I do think that the size and speed of the athletes of today is part of the issue (don’t want to say “problem”). Players are simply bigger and faster than in the past and the resulting collisions are occurring with more impact and velocity than before. Should this change the game? I personally hope not and I think we will see equipment manufacturers respond to the challenge by continually improving safety equipment. Whether they ever catch up to the pace of the game is another question.
With that said, when I played at Rutgers, shoulder pads were not mandatory, mouthpieces were basically unheard of, helmets were made of multiple panels that could easily be compressed or distorted, face masks were thinner gauge and often lacked vertical bars, yet I never saw this degree of injury. Nor were our players then all that much smaller or slower than today’s college players (particularly at the MCLA level), especially considering a lot of college lacrosse defensemen back in that day were linebackers and safeties recruited from football teams to play defense. Horace Bilderback won 6 straight national championships at the Naval Academy using that approach.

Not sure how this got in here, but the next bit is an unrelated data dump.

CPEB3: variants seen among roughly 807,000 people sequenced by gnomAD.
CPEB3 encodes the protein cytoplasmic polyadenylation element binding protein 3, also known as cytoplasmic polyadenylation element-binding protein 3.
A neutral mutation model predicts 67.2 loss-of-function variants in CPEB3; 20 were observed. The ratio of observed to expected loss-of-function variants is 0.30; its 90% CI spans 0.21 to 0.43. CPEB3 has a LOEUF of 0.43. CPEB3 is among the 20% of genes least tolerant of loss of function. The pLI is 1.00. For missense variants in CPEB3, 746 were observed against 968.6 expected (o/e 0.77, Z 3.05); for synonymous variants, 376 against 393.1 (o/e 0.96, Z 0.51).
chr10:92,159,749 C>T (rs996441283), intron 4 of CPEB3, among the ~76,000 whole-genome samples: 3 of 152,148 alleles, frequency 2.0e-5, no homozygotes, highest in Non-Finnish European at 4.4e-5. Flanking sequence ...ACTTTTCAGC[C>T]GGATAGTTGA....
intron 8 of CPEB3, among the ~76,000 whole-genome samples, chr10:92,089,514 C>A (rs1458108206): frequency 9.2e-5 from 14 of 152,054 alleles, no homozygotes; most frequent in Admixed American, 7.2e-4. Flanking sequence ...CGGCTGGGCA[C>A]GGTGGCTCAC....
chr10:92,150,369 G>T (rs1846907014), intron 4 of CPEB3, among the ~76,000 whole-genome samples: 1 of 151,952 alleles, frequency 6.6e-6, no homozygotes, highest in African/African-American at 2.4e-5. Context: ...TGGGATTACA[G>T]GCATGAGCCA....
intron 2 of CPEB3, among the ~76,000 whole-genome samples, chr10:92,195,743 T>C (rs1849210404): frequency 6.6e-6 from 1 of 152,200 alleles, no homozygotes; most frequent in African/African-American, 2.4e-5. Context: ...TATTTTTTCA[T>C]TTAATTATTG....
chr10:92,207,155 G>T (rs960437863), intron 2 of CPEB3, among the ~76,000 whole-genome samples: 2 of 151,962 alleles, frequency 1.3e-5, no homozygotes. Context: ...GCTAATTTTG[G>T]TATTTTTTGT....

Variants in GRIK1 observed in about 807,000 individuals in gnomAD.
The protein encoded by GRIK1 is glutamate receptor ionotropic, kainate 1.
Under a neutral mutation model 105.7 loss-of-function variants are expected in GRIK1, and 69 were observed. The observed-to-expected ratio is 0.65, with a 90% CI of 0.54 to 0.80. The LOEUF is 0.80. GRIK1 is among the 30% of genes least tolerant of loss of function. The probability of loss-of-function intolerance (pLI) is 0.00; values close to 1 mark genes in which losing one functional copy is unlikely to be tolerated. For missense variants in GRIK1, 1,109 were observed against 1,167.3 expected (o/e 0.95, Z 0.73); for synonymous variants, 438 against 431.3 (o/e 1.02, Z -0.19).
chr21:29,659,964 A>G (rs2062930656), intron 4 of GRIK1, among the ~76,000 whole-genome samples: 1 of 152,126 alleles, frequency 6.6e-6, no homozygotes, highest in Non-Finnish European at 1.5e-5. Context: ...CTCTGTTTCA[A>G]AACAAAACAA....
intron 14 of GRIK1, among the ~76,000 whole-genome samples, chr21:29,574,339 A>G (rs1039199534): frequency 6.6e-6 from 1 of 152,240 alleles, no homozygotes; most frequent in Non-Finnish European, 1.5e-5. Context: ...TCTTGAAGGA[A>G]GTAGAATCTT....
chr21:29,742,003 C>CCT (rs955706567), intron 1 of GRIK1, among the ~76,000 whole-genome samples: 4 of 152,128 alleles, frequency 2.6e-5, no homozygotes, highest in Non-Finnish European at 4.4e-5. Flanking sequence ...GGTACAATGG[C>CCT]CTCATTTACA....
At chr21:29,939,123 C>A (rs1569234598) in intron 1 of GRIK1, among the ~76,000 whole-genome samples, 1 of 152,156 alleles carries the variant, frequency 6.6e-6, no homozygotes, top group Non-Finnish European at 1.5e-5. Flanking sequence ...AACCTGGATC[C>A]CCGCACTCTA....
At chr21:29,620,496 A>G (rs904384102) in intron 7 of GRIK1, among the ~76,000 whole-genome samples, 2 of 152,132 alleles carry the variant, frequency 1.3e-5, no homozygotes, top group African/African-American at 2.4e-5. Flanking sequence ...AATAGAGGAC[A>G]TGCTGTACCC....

So ultimately, I think it is the luck of the draw, karma, or something similar. For some reason in this season, too many of our players have found themselves in the wrong position at the wrong time at the wrong place, thus experiencing serious injury. We have to bear in mind that not all of our injuries have been contact related. Knee injuries suffered in recent games by Dan Huettenmoser and Will Patch were both incurred during non-contact circumstances.